For the first time, scientists have found direct evidence of the expansion of the universe, a previously theoretical event that took place a fraction of a second after the Big Bang explosion nearly 14 billion years ago.
The clue is encoded in the primordial cosmic microwave background radiation that continues to spread through space to this day.
Scientists found and measured a key polarization, or orientation, of the microwaves caused by gravitational waves, which are miniature ripples in the fabric of space.
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Gravitational waves, proposed by Albert Einstein's General Theory of Relativity nearly 100 years ago but never before proven, are believed to have originated in the Big Bang explosion and then been amplified by the universe's inflation.
"This detection is cosmology's missing link," physicist Marc Kamionkowski, at Johns Hopkins University, told reporters during a webcast press conference on Monday.
"It's something that we thought should be there, but we weren't really sure. It has been eagerly sought now for close to two decades," he said.
Because gravitational waves squeeze space as they travel, they imprint a specific pattern in the cosmic microwave background. Like light waves, gravitational waves have "handedness" that correlates to left- and right-skewed polarizations.
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Using a special telescope located at the South Pole, scientists not only detected gravitational waves in the universe's fossil radiation; they also found that the telltale polarization signals are much stronger than expected.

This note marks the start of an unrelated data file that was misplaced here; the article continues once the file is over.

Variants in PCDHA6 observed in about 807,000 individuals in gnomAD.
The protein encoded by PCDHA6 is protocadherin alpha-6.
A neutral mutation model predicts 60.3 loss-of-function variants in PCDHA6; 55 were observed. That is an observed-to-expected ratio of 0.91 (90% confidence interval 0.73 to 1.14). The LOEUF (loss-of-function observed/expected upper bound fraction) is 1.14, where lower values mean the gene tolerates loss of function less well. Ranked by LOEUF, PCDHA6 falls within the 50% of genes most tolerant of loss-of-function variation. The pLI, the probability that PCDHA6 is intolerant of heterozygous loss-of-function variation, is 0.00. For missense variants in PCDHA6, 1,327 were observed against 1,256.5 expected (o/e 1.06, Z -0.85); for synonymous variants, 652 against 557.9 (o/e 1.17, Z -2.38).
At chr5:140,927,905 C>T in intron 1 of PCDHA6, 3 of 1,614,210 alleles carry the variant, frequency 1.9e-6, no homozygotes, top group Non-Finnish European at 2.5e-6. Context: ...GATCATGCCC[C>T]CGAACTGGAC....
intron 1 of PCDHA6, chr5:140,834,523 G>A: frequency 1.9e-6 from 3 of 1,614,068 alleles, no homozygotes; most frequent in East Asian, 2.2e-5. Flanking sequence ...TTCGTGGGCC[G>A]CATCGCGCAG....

"This has been like looking for a needle in a haystack, but instead we found a crowbar," team co-leader Clem Pryke, with the University of Minnesota, said in a press release.
In addition to providing the first direct evidence of the universe's inflation, the measurements can be used to date the process and determine how much energy it took.
"This is not something that's just a home run, but a grand slam. It's the smoking gun for inflation. It hints at unification of the fundamental forces at energies 10 trillions of times higher than those accessible at the Large Hadron Collider at CERN," Kamionkowski said.
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Computer models indicate that the universe expanded by 100 trillion trillion times in .0000000000000000000000000000000001 (10 to the minus-34) seconds after the Big Bang explosion 13.8 billion years ago.
The telescope used to detect the gravitational waves is called Bicep, short for Background Imaging of Cosmic Extragalactic Polarization.
"These results are as extraordinary as they get, and they will require the most extraordinary scrutiny," Kamionkowski said.
"If these results hold up ... then we've learned only that inflation has sent us a telegram, encoded on gravitational waves and transcribed on the cosmic microwave background sky. It will be essential in the years to come to follow through with more detailed and precise measurements to infer fully what this telegram is telling us," he added.